Wednesday, May 30, 2012

Views from the Airplane

I flew to the National Cave Rescue Commission weeklong training in Mentone, Alabama via Salt Lake to Las Vegas to Nashville. I managed to score window seats on both flights and it was a clear day, so I had a lot of fun looking at the terrain. Can you identify what I saw? I'll have the answer at the bottom of each photo.

First flight: Salt Lake City to Las Vegas
Little Sahara Recreation Area, a large sand dune area north of Delta, Utah

Sevier River, at 383 miles, the longest river in Utah.

Sevier Lake. Usually it's Sevier Dry Lake, but at this time of year it still has water in it.

Wind farm north of Milford, Utah.

Pig farms south of Milford, Utah.

Very cool geology.

A mine with Valley of Fire in the background.

Next, on to the flight from Las Vegas to Nashville:
The Grand Canyon, Arizona.

Shiprock, New Mexico.

Oil or gas wells, New Mexico,

Most of the agriculture is no longer pivots.

Maybe the Ozark area?

On the return trip, I had a window seat on the other side of the plane. It was a lot cloudier, but over Arizona it cleared up.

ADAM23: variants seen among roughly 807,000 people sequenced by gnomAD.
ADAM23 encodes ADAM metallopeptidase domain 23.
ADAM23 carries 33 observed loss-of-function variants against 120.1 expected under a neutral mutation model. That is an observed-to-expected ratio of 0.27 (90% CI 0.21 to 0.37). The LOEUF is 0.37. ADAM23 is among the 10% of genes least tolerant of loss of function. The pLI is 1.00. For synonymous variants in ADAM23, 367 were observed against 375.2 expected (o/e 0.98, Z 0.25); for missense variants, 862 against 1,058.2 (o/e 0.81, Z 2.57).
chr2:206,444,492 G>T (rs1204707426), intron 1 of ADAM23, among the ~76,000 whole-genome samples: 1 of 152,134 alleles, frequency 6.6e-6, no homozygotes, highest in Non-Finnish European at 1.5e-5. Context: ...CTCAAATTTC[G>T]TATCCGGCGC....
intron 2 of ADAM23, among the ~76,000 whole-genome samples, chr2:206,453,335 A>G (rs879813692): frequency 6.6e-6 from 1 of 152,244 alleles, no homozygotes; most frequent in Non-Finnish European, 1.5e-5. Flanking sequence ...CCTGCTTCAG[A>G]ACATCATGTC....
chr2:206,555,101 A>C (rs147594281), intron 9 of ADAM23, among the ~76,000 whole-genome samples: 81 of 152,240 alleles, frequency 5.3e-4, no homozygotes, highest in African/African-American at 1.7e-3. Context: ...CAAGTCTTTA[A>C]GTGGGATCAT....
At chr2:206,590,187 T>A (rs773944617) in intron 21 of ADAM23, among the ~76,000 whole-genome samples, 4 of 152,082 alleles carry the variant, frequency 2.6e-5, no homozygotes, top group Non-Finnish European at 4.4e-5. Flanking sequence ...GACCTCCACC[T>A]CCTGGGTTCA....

Meteor Crater.

Sunset Crater, south of the Grand Canyon (well worth a stop!)

I liked how obvious the lava flow was from this crater.

More of the San Francisco Volcanic Field, an 1800-acre area with more than 600 vents. It looks so cool from the air!

Next time I hope to remember a map so I can figure out even more landmarks.

Sunday, May 27, 2012

Kit Fox

 I've been teaching cave rescue out in Alabama for the last week+. I really enjoyed all the greenness, and the trees didn't even make me feel claustrophobic. The humidity was actually really nice, and I thought it was awesome to be able to go swim in a river without totally freezing in five minutes.

Nevertheless, it's always nice to get back home. The greasewood looks especially green, the mountains are dusted with snow, and we saw some kit fox. This is such a beautiful place!

I still have a mountain of laundry to wash before I go through all my photos, but here a couple more of the kit fox. It was such a treat to see them.

Saturday, May 19, 2012

Feeding the Animals

 The cousins left for the weekend so we got to take care of their animals. This was a great delight, as the kids are just crazy about animals.

 My husband fed the goats.

 Desert Girl imitated him. Except she had mittens (I'm not exactly sure why), and the goat wasn't too interested. She kept her banana safely by her side.

 What a look of glee!

 Desert Girl had fun playing with the goats. The goats sure have grown since we saw them last!

 It was a lot of fun helping with the animals.

 Then came some extra fun--the merry go round.